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CALIFORNIA | LOCAL
June 15, 2001 | From Times Staff Reports
Using a computerized lottery system, Los Angeles County this week chose its first civil grand jury. The 23 grand jurors and four alternates were chosen Wednesday in Superior Court, said Kyle Christopherson, a court spokesman. Because existing grand juries focused far more on criminal indictments than civil investigations, the county decided last year to split criminal and civil grand juries. Civil grand jurors will serve from July 1 to June 30, 2002, Christopherson said.
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CALIFORNIA | LOCAL
July 10, 1998 | JON STEINMAN, SPECIAL TO THE TIMES
The presiding judge here is threatening to move all jury trials out of town unless free parking is made available to jurors, setting off tremors in Los Angeles County's Superior Court system. "Except for January 1994, when we had to find temporary parking in Van Nuys for jurors and court staff because structures were coming down [after the Northridge earthquake], I've never heard of a parking situation like this," said Gloria Gomez, county manager of juror services.
CALIFORNIA | LOCAL
December 2, 1998 | DOUGLAS P. SHUIT and JACK LEONARD, SPECIAL TO THE TIMES
Tensions exploded in a Compton courtroom Tuesday during a tumultuous day in which three young men were found guilty of murdering 17-year-old Corie Williams, an innocent high school student hit by bullets fired into an MTA bus in a gang feud. Just moments after the jury announced its verdict, as family members wailed in disapproval and one defendant was taken away, defendant Randall Amado sprang from his chair and vaulted toward the prosecutor.
CALIFORNIA | LOCAL
July 1, 1993 | JOHN CHANDLER, TIMES STAFF WRITER
Delivering good and bad news, county officials announced Wednesday that a long-awaited juvenile dependency court will open Tuesday in Lancaster, but said local families with existing cases will continue to have to travel to the main court in distant Monterey Park.
NEWS
March 11, 1998 | JOSH MEYER, TIMES STAFF WRITER
Over the past 10 years, Los Angeles County's Master Courthouse Construction Program has spent almost $80 million without adding a single new courtroom to one of the nation's most congested criminal and civil justice systems.
CALIFORNIA | LOCAL
October 9, 1995 | STEPHEN GREGORY, SPECIAL TO THE TIMES
Call it "Catalina Law." Here in a one-room courthouse 26 miles across the sea, the bailiffs wear shorts, clerks greet residents by name, and the island's only judge hops out by copter or ferry for one day a week. Despite its sandal-clad informality, Catalina Municipal Court is a bustling outpost of law and order, where Judge Peter Mirich brings out all the accouterments of a courtroom--a prosecutor, a defense attorney, a court reporter--to dispense a day's worth of island justice.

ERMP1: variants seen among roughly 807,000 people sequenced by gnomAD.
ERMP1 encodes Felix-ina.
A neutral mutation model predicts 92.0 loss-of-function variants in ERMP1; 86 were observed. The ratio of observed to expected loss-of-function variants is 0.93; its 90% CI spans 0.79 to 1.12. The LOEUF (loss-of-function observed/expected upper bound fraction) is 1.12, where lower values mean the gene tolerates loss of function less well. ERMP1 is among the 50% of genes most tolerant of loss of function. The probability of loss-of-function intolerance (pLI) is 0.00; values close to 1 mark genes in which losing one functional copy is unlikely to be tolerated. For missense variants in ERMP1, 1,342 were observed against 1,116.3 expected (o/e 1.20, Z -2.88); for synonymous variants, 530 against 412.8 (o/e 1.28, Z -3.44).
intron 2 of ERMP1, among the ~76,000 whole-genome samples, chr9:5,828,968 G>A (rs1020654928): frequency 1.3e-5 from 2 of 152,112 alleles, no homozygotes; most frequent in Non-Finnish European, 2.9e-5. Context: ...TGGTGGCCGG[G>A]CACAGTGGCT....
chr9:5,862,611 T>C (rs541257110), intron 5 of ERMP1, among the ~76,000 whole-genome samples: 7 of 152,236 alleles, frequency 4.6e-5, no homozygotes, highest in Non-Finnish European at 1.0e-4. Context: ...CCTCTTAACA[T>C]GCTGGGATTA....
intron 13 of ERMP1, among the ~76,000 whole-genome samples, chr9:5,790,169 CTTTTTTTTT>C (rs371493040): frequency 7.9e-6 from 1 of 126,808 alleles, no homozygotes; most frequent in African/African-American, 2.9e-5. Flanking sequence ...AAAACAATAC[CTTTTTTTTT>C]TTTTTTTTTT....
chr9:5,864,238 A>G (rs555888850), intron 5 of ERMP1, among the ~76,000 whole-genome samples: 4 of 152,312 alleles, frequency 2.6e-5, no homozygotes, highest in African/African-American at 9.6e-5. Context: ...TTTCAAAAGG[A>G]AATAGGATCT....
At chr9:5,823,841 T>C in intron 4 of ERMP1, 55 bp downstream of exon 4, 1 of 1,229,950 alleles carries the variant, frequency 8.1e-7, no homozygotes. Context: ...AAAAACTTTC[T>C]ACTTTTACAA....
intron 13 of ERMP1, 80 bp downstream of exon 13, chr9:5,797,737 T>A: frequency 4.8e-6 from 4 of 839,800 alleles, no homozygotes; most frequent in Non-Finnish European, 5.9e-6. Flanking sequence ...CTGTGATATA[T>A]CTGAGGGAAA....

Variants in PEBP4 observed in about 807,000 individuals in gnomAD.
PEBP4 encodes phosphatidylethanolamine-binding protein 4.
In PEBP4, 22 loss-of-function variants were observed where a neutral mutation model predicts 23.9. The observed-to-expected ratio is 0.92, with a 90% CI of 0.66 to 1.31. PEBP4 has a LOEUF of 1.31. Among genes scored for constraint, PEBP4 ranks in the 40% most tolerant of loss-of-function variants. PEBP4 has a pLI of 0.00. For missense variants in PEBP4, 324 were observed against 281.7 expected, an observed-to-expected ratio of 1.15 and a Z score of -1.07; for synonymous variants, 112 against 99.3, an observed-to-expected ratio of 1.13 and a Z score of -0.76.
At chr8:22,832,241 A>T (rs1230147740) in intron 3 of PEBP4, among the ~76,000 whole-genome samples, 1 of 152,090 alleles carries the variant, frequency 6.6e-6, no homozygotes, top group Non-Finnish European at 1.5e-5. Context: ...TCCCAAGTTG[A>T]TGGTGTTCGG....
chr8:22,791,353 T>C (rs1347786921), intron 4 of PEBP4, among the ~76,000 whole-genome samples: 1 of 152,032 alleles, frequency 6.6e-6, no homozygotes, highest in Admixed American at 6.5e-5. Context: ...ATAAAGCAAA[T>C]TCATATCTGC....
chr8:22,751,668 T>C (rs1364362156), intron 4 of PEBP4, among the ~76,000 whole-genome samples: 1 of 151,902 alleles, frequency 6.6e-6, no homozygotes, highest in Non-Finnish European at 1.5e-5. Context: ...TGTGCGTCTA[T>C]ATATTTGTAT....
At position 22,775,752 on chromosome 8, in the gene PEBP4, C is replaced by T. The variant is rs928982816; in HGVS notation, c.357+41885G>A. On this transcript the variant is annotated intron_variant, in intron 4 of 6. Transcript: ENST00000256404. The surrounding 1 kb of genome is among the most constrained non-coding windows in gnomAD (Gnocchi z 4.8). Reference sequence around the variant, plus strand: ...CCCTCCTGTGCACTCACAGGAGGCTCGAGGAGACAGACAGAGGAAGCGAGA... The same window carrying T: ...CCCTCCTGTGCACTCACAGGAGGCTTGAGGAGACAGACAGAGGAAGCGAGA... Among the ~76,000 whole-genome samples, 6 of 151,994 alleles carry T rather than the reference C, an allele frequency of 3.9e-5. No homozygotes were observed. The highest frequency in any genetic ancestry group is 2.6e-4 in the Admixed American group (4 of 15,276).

CALIFORNIA | LOCAL
February 10, 1989
Deputy Los Angeles County Counsel Lester J. Tolnai failed Thursday to persuade Superior Court Judge Kurt J. Lewin that 190 of the county's courtroom clerks should work next Monday, when the county's more than 300 state courts will be closed in observance of Abraham Lincoln's birthday. Lewin ruled that a new state law establishing a dozen uniform holidays a year in all 58 counties for California "officers and employees of the courts" is "crystal clear."
CALIFORNIA | LOCAL
April 25, 1999 | JACK LEONARD and GREG HERNANDEZ, TIMES STAFF WRITERS
They are witnesses to depravity who often get forgotten once they leave the jury box. Jurors in sensational trials--such as the 12 Orange County residents now deciding whether serial killer Charles Ng should die for his crimes--are forced to confront a haunting side of human nature. And what they see is often hard to shake. Until recently, jurors left court with little more than a cursory "thank you" from the judge, forcing them to deal alone with the emotional aftereffects.
NEWS
December 16, 1998 | STEVE BERRY, TIMES STAFF WRITER
Los Angeles County court officials announced Tuesday that they will adopt a system requiring most prospective jurors to report for jury duty only for one day unless they are selected for a trial. The change, to begin in May and be in effect in all courts by the end of 1999, represents a reversal of an earlier decision by county court authorities. It will give citizens significant relief from what is widely regarded as the most onerous of civic responsibilities.
NEWS
December 20, 1990 | DAVID FREED, TIMES STAFF WRITER
The case was a double murder, gang-related and gory--standard fare these days at the Criminal Courts Building in downtown Los Angeles. Deputy Dist. Atty. Ralph Shapiro estimated it would take five months to seat a jury and try the case. What Shapiro did not factor in was the work habits of Superior Court Judge Clarence (Red) Stromwall, a retired police detective who sports military-like service stripes on the sleeve of his black robe.
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